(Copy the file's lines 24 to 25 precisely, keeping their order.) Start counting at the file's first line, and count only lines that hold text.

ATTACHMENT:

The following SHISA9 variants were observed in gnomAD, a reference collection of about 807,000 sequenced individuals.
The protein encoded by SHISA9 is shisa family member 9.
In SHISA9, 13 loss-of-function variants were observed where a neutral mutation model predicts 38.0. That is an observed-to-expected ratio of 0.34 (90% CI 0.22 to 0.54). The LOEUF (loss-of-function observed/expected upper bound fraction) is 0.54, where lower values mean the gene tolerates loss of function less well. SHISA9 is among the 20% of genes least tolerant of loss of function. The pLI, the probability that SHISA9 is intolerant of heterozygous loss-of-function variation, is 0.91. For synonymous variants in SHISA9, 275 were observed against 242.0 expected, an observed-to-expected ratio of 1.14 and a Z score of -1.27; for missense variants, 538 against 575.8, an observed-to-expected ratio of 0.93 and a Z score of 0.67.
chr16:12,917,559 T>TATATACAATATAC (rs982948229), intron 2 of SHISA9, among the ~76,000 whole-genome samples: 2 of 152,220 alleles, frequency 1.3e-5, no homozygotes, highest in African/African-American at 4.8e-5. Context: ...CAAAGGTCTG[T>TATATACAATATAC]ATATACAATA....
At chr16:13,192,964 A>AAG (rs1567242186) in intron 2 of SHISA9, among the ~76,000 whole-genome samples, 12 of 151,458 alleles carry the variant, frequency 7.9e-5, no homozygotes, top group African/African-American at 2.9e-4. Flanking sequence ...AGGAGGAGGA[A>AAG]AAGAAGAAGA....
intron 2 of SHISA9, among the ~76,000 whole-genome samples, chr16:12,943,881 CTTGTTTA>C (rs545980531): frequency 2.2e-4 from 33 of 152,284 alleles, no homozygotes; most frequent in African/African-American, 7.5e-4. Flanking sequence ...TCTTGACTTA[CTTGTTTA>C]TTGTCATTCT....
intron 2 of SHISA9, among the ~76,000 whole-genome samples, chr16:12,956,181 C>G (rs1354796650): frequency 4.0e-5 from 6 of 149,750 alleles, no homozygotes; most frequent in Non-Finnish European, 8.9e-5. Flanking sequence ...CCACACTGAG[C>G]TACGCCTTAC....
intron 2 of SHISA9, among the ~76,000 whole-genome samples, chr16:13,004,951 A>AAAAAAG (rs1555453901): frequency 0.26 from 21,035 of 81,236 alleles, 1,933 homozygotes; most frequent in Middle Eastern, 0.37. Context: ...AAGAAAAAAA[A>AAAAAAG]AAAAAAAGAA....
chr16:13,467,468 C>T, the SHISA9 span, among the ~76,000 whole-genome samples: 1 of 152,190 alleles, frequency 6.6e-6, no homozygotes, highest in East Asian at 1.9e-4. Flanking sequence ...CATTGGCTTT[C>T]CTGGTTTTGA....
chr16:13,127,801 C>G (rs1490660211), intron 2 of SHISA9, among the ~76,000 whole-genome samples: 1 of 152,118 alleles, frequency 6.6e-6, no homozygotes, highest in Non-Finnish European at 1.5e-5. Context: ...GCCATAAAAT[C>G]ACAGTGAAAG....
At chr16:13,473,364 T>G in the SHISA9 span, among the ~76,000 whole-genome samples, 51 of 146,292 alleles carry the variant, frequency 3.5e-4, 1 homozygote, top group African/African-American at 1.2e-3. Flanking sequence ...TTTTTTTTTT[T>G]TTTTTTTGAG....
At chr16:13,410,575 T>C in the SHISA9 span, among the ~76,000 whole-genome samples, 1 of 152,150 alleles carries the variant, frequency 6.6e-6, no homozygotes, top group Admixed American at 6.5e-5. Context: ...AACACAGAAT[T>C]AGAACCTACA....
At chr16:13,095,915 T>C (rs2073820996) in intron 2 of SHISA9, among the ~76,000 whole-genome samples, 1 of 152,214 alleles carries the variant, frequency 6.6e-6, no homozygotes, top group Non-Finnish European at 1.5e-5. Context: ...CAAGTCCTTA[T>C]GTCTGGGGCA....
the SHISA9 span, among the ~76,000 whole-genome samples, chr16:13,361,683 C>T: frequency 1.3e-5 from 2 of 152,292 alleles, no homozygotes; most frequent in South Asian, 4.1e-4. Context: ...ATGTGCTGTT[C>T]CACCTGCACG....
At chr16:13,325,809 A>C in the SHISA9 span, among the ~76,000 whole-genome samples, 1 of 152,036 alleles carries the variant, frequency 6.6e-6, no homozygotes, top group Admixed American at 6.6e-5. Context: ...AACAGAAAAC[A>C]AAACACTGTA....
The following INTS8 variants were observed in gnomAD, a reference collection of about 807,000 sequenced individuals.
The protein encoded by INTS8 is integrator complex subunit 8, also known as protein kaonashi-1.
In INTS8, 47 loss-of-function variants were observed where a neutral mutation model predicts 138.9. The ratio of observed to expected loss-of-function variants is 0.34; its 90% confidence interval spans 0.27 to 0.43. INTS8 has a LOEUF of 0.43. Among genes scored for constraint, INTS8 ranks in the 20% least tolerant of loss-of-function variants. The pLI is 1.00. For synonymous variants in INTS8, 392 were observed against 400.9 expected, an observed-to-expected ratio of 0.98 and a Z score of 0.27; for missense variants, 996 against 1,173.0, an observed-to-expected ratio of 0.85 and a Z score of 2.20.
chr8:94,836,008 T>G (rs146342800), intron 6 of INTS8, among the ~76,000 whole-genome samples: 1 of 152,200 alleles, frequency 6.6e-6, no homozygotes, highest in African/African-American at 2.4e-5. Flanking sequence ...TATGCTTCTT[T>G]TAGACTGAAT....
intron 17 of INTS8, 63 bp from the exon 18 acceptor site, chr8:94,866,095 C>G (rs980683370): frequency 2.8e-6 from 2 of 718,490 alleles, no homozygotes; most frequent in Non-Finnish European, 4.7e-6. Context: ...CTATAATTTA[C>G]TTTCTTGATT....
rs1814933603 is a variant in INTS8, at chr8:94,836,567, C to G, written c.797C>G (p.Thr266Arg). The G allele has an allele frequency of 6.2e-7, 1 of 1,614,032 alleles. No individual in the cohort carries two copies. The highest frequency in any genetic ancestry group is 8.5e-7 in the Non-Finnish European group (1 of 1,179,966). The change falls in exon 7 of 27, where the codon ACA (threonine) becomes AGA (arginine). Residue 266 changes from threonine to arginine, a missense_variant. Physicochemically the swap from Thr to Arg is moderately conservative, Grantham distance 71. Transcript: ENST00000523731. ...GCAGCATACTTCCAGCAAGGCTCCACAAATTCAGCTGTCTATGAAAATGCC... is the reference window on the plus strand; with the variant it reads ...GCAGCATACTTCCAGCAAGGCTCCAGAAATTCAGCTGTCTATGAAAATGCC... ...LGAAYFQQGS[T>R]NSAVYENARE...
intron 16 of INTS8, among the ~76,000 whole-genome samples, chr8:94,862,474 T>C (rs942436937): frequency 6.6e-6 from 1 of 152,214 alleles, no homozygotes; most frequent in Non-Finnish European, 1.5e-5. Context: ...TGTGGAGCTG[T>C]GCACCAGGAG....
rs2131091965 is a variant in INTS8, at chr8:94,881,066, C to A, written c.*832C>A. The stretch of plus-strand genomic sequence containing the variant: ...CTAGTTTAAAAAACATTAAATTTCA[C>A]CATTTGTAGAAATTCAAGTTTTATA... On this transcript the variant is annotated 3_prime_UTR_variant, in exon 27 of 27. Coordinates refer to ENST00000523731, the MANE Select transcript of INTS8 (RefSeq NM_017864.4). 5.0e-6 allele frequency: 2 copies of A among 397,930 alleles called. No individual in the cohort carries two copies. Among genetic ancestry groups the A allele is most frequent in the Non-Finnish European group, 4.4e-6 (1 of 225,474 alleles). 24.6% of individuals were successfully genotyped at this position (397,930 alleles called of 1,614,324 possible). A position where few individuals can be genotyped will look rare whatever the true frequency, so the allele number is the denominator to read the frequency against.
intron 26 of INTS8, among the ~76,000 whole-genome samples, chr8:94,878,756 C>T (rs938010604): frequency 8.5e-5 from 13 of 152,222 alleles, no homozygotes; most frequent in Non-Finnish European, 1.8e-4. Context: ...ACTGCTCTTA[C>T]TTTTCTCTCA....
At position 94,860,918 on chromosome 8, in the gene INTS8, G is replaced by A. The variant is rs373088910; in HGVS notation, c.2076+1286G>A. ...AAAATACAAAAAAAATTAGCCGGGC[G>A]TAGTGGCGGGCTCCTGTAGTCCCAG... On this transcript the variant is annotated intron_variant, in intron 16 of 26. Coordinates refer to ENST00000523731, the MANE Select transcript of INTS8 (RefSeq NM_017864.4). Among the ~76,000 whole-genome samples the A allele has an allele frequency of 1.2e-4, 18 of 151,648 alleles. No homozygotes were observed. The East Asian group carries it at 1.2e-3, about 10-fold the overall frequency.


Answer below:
intron 26 of INTS8, among the ~76,000 whole-genome samples, chr8:94,878,756 C>T (rs938010604): frequency 8.5e-5 from 13 of 152,222 alleles, no homozygotes; most frequent in Non-Finnish European, 1.8e-4. Context: ...ACTGCTCTTA[C>T]TTTTCTCTCA....
At position 94,860,918 on chromosome 8, in the gene INTS8, G is replaced by A. The variant is rs373088910; in HGVS notation, c.2076+1286G>A. ...AAAATACAAAAAAAATTAGCCGGGC[G>A]TAGTGGCGGGCTCCTGTAGTCCCAG... On this transcript the variant is annotated intron_variant, in intron 16 of 26. Coordinates refer to ENST00000523731, the MANE Select transcript of INTS8 (RefSeq NM_017864.4). Among the ~76,000 whole-genome samples the A allele has an allele frequency of 1.2e-4, 18 of 151,648 alleles. No homozygotes were observed. The East Asian group carries it at 1.2e-3, about 10-fold the overall frequency.